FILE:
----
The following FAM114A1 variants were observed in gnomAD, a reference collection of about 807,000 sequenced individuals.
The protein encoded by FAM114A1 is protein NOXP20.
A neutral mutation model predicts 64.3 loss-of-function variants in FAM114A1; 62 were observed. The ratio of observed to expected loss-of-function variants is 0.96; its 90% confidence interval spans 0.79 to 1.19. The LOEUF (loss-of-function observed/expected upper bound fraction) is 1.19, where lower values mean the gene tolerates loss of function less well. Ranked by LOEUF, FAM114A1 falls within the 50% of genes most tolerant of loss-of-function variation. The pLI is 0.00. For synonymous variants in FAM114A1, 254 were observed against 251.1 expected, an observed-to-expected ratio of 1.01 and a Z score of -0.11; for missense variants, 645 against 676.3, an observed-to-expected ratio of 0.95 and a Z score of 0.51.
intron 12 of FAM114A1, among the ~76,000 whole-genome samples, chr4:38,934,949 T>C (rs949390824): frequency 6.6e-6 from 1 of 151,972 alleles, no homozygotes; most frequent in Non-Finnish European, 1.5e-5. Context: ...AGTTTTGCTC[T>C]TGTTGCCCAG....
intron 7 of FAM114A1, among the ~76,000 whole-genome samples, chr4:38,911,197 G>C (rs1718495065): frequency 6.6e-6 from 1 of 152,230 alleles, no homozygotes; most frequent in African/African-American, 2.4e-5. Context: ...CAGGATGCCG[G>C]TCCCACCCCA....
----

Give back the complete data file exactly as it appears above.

The following FAM114A1 variants were observed in gnomAD, a reference collection of about 807,000 sequenced individuals.
The protein encoded by FAM114A1 is protein NOXP20.
A neutral mutation model predicts 64.3 loss-of-function variants in FAM114A1; 62 were observed. The ratio of observed to expected loss-of-function variants is 0.96; its 90% confidence interval spans 0.79 to 1.19. The LOEUF (loss-of-function observed/expected upper bound fraction) is 1.19, where lower values mean the gene tolerates loss of function less well. Ranked by LOEUF, FAM114A1 falls within the 50% of genes most tolerant of loss-of-function variation. The pLI is 0.00. For synonymous variants in FAM114A1, 254 were observed against 251.1 expected, an observed-to-expected ratio of 1.01 and a Z score of -0.11; for missense variants, 645 against 676.3, an observed-to-expected ratio of 0.95 and a Z score of 0.51.
intron 12 of FAM114A1, among the ~76,000 whole-genome samples, chr4:38,934,949 T>C (rs949390824): frequency 6.6e-6 from 1 of 151,972 alleles, no homozygotes; most frequent in Non-Finnish European, 1.5e-5. Context: ...AGTTTTGCTC[T>C]TGTTGCCCAG....
intron 7 of FAM114A1, among the ~76,000 whole-genome samples, chr4:38,911,197 G>C (rs1718495065): frequency 6.6e-6 from 1 of 152,230 alleles, no homozygotes; most frequent in African/African-American, 2.4e-5. Context: ...CAGGATGCCG[G>C]TCCCACCCCA....